And thank you, carbro, for your kind reply.... let me add there are days that I feel dangerously susceptible to being "sucked into the bubble..." :lol:

Not that that would be a bad thing. I just hope to be able to maintain enough of my "outsider's perspective" to help others in the general public understand, appreciate, (and ultimately help support) this wonderful world. That's why I feel that any press about ballet has at least some redeeming quality.

In regards to the NYT article, this piece is clearly about 2 very different styles of performance, that perhaps can fairly be compared to different stereotypes. Although I would prefer not to pigeon hole these two unique individuals into stereotypes, but simply compare and contrast what they offer in their competition/performances. But going back to the original topic of this thread.... that is still a diferent theme from the Newsweek piece, IMHO.

#97 dirac

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Posted 25 March 2008 - 09:27 AM

Couldn’t resist posting this one. More sissy stuff, this time via Russell Maliphant.

What's the biggest myth about male dancers?

That we're all sissies. Most of us are actually very powerful.


“The rest of them, yeah, you could call them sissies,” Maliphant did not add.

#98 Helene

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Posted 13 April 2008 - 01:52 AM

In regards to the NYT article, this piece is clearly about 2 very different styles of performance, that perhaps can fairly be compared to different stereotypes. Although I would prefer not to pigeon hole these two unique individuals into stereotypes, but simply compare and contrast what they offer in their competition/performances. But going back to the original topic of this thread.... that is still a diferent theme from the Newsweek piece, IMHO.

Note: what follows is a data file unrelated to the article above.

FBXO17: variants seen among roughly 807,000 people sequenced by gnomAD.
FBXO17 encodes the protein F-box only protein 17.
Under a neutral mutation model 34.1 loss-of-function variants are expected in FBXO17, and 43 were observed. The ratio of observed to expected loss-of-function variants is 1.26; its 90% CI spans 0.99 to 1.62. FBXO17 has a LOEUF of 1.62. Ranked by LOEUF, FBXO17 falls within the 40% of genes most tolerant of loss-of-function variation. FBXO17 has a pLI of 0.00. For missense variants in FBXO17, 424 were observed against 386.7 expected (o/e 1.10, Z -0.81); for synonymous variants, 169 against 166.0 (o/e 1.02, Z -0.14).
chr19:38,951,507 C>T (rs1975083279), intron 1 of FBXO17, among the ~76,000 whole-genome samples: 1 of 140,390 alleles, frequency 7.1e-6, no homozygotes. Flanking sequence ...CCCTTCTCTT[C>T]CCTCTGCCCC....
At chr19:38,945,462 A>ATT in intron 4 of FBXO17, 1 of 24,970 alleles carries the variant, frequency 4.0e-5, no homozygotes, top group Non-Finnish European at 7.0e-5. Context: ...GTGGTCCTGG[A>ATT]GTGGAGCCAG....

I've seen both Weir and Lysacek skate a number of times live. Yes, off-ice, Weir wears the occasional dress and heels and makes what are for figure skating outrageous and inflammatory comments, and , his costumes are more ornate than Lysacek's, and Lysacek wears black and skates to macho toreador music -- although Weir's costumes work well in the arena, compared to Lysacek's which are great in close-ups and bland in the arena, and Weir's aren't remotely outre in context (for that see Kevin Van der Perren's embarrassing "Lawrence of Arabia" get-up he wore at the beginning of the season). Lysacek gets props for attempting and sometimes landing the quad -- his strategy is get as comfortable as possible with it in competition in preparation for the Vancouver Olympics, while Weir couldn't get it off the practice ice -- and for coming back fighting and nearly winning bronze in Torino with a blazing free skate after skating very ill in the Short Program and burying himself.

However, watch their movement quality: Weir is more muscular, and he goes deep in the thigh to get speed, flow, and deep edges. He has wonderful height and distance on his jumps -- Worlds Free Skate notwithstanding, as he was a tight, nervous wreck by his own account -- and his landing position is impeccable, in the skater equivalent of plie, with a strong back and great flow. He also has a textbook 3Axel, both solo and in combination, while Lysacek has dodgy technique on his, and has been inconsistent with it. (The 3Axel is a big macho jump, too.) Lysacek is much leaner, and in my opinion. he's a bit gawky. he gains speed with quick, not deep cross-overs, and his jumps, while flashier, don't have the same power or consistency or technique as Weirs', despite the quad hype.

The last time I saw them together was during last year's non-defunct Champions on Ice tour. Weir's skating was virile and alive. I thought Lysacek looked anemic and was a shadow of the skater who put down a bronze-medal-winning freeskate in Moscow in 2005. To me he looks like the kid who's willing to do the Latin dances at a bar mitzvah. Not particularly authentic, but gets points for chutzpah and willingness